May/June 2010 Issue
Surviving Infidelity — Couples Therapists’ Best Practices
How can relationships survive this ultimate betrayal? Top couples therapists share proven techniques for healing broken bonds.
In light of Tiger Woods’ recent admission that he cheated on wife Elin Nordegren with multiple women—16, at last count—Social Work Today asked couples therapists to discuss best practices for social workers who counsel partners after a serious infidelity. But just what is serious infidelity? Mental health professionals suggest that the level of seriousness is determined by examining a variety of factors, including cause, an unfaithful partner’s motives, and the length of an affair.
Because Woods was promiscuous, his situation is more serious in terms of health, says Del Rey Beach, Fla.-based Donna R. Bellafiore, MSW, LCSW, author of Infidelity Reflections From an On-Line Support Group. Woods’ situation involves sexual drive and impulse control, she says, while a one-time affair could stem from myriad factors, including loneliness, unmet needs, an inability to communicate with a partner, falling out of love, infatuation, or the death of a loved one. “Many times people sexualize instead of dealing with internal emotional pain,” says Bellafiore.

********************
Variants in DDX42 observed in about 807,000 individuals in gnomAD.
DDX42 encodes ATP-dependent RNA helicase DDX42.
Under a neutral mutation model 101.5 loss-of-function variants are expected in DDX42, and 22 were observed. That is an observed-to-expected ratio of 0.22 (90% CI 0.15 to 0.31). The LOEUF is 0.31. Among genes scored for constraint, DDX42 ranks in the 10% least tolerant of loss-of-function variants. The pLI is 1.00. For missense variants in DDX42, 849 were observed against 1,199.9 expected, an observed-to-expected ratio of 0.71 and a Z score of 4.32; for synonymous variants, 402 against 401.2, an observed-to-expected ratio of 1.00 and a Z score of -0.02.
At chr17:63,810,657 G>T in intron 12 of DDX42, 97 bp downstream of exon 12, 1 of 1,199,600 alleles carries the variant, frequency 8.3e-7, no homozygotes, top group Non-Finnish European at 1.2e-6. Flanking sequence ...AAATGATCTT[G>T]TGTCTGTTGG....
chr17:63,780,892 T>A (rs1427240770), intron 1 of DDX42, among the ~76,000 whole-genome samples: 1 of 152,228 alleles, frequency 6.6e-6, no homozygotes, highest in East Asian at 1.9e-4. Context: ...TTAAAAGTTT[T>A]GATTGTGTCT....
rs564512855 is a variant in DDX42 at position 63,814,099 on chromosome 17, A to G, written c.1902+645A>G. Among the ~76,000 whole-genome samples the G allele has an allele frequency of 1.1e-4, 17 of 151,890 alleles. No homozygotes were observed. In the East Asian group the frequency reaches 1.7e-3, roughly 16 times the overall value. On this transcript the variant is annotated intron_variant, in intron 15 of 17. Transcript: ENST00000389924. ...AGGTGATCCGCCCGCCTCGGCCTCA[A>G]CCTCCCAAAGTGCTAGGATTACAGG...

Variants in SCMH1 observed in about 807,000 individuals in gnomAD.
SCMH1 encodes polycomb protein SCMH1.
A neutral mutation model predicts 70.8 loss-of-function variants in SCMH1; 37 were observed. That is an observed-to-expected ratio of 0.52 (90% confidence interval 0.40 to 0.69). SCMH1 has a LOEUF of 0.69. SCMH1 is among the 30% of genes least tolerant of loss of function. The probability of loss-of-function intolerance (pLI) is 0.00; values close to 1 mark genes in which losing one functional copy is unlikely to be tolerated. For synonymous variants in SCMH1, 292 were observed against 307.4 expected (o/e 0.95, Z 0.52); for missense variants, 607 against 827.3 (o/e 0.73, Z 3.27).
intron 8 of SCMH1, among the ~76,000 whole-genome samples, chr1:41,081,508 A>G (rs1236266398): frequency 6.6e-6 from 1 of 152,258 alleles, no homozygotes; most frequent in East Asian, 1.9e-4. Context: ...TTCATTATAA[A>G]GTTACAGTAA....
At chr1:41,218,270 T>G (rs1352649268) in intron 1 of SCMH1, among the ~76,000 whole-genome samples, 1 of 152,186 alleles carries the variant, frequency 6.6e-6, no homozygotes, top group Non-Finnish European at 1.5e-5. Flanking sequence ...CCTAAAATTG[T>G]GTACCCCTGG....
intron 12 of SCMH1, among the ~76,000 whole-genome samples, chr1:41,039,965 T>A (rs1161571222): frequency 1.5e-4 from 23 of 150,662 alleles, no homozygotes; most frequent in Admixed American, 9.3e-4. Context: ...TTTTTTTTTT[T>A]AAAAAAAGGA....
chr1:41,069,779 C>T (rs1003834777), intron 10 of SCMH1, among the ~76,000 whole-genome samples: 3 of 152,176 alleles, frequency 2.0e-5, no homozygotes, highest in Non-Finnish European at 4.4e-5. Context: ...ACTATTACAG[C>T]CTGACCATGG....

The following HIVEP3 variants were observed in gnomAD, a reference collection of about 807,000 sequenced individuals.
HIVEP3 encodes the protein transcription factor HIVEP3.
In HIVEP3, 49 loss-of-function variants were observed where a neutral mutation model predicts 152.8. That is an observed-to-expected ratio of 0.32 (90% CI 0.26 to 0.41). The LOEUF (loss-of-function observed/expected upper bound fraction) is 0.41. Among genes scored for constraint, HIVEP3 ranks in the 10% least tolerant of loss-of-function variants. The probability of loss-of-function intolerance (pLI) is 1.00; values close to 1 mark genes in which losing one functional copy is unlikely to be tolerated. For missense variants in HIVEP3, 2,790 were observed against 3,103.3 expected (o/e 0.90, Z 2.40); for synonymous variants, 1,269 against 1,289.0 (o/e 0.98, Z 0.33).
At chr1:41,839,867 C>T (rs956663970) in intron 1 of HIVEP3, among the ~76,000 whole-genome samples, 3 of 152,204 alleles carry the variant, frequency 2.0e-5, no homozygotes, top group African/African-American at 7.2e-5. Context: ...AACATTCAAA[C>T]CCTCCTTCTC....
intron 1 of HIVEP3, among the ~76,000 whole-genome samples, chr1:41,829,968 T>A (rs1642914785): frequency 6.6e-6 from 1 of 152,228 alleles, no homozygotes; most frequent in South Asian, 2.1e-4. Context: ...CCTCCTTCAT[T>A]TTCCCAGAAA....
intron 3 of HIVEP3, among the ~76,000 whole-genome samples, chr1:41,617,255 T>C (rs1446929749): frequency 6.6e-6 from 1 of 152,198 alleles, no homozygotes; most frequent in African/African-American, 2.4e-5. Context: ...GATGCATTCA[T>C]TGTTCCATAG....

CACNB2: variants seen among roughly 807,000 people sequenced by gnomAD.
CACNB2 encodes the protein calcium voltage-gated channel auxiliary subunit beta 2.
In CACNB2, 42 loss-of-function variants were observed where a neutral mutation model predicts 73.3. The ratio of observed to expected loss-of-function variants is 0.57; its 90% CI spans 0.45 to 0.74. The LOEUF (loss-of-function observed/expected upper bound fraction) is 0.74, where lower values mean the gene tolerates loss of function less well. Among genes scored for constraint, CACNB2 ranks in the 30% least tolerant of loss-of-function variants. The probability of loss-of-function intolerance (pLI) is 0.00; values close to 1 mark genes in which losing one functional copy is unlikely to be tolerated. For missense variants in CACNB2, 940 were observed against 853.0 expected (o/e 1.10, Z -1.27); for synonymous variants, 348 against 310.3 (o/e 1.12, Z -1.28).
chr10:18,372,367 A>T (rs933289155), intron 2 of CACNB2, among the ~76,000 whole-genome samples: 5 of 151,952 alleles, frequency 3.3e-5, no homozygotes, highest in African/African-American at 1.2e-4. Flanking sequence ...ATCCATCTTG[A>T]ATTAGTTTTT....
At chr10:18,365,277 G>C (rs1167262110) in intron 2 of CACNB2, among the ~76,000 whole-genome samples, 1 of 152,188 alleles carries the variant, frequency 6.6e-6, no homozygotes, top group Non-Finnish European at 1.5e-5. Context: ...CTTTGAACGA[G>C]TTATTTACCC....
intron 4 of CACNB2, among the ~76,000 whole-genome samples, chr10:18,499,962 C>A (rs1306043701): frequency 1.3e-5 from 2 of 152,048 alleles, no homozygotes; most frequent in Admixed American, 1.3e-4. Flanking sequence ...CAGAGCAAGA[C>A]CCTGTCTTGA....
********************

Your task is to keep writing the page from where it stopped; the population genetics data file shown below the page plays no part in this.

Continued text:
Emily M. Brown, LCSW, director of Key Bridge Therapy and Mediation Center in Arlington, VA, and author of Patterns of Infidelity and Their Treatment for mental health professionals, has created the following typology of affairs:
• conflict avoidance, in which a couple can’t stand up to each other because they fear conflict;
• intimacy avoidance, in which the partners constantly fight;
• sexual addiction (see below);
• split self, in which both partners have neglected their own needs to tend to another’s;
• entitlement affair, in which a partner has devoted so much time and energy to success that he or she is out of touch with the emotional self.
Woods’ affairs, as well as those of politicians Eliot Spitzer and John Edwards and former president Bill Clinton, were the entitlement type, according to Brown, who conducts workshops for mental health professionals and offers infidelity-related consultation to workplaces and telephone therapy with individuals. “They’ve had so much success, they think anything they do will work,” she says. “They see something they want, they think they can have it, and they go after it.”
Like many who turn to affairs, Woods was attempting to fill an inner void, but his actions were also fueled by his narcissism, says Maya Kollman, MA, a certified master trainer in Imago Relationship Therapy. “It could happen to anyone when you’re treated and used that way by the public as some kind of icon,” Kollman says. “There’s an emptiness to a life when people want you for what you represent but have no interest in you as a human being. All these people want to chew on him but don’t really give a damn about him. The way he chose to fill it is not exemplary but is understandable.”